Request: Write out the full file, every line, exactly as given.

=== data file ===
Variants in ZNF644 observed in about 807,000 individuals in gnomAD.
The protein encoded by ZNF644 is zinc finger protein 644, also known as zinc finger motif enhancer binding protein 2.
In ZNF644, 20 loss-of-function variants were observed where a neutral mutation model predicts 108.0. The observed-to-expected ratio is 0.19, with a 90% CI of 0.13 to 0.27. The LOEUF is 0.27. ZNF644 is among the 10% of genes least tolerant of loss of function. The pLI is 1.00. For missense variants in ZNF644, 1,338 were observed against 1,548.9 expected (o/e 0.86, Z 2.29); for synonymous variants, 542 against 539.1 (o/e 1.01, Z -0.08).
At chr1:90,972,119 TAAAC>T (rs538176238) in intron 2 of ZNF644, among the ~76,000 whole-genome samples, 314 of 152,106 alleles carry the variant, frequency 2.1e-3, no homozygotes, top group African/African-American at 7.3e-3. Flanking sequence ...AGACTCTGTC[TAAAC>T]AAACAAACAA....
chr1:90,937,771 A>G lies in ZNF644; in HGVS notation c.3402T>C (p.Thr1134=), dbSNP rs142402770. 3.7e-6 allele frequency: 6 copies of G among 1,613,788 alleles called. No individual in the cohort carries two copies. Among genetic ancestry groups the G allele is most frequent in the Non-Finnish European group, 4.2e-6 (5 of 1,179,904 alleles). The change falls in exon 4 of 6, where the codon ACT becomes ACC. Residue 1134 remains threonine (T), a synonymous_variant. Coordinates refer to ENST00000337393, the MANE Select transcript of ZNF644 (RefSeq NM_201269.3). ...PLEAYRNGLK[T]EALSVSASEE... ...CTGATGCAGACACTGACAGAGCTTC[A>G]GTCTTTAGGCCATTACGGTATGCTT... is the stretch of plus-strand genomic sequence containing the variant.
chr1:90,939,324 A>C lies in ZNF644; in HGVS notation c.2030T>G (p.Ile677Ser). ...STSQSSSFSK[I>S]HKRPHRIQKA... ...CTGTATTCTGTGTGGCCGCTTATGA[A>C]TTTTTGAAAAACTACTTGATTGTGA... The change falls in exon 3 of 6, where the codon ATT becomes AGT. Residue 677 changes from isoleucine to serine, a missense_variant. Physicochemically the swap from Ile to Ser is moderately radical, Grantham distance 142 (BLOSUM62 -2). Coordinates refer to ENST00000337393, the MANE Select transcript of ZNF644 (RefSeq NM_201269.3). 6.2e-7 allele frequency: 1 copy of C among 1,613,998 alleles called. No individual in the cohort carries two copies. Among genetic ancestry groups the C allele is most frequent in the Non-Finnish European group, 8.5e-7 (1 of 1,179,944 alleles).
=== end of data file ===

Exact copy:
Variants in ZNF644 observed in about 807,000 individuals in gnomAD.
The protein encoded by ZNF644 is zinc finger protein 644, also known as zinc finger motif enhancer binding protein 2.
In ZNF644, 20 loss-of-function variants were observed where a neutral mutation model predicts 108.0. The observed-to-expected ratio is 0.19, with a 90% CI of 0.13 to 0.27. The LOEUF is 0.27. ZNF644 is among the 10% of genes least tolerant of loss of function. The pLI is 1.00. For missense variants in ZNF644, 1,338 were observed against 1,548.9 expected (o/e 0.86, Z 2.29); for synonymous variants, 542 against 539.1 (o/e 1.01, Z -0.08).
At chr1:90,972,119 TAAAC>T (rs538176238) in intron 2 of ZNF644, among the ~76,000 whole-genome samples, 314 of 152,106 alleles carry the variant, frequency 2.1e-3, no homozygotes, top group African/African-American at 7.3e-3. Flanking sequence ...AGACTCTGTC[TAAAC>T]AAACAAACAA....
chr1:90,937,771 A>G lies in ZNF644; in HGVS notation c.3402T>C (p.Thr1134=), dbSNP rs142402770. 3.7e-6 allele frequency: 6 copies of G among 1,613,788 alleles called. No individual in the cohort carries two copies. Among genetic ancestry groups the G allele is most frequent in the Non-Finnish European group, 4.2e-6 (5 of 1,179,904 alleles). The change falls in exon 4 of 6, where the codon ACT becomes ACC. Residue 1134 remains threonine (T), a synonymous_variant. Coordinates refer to ENST00000337393, the MANE Select transcript of ZNF644 (RefSeq NM_201269.3). ...PLEAYRNGLK[T]EALSVSASEE... ...CTGATGCAGACACTGACAGAGCTTC[A>G]GTCTTTAGGCCATTACGGTATGCTT... is the stretch of plus-strand genomic sequence containing the variant.
chr1:90,939,324 A>C lies in ZNF644; in HGVS notation c.2030T>G (p.Ile677Ser). ...STSQSSSFSK[I>S]HKRPHRIQKA... ...CTGTATTCTGTGTGGCCGCTTATGA[A>C]TTTTTGAAAAACTACTTGATTGTGA... The change falls in exon 3 of 6, where the codon ATT becomes AGT. Residue 677 changes from isoleucine to serine, a missense_variant. Physicochemically the swap from Ile to Ser is moderately radical, Grantham distance 142 (BLOSUM62 -2). Coordinates refer to ENST00000337393, the MANE Select transcript of ZNF644 (RefSeq NM_201269.3). 6.2e-7 allele frequency: 1 copy of C among 1,613,998 alleles called. No individual in the cohort carries two copies. Among genetic ancestry groups the C allele is most frequent in the Non-Finnish European group, 8.5e-7 (1 of 1,179,944 alleles).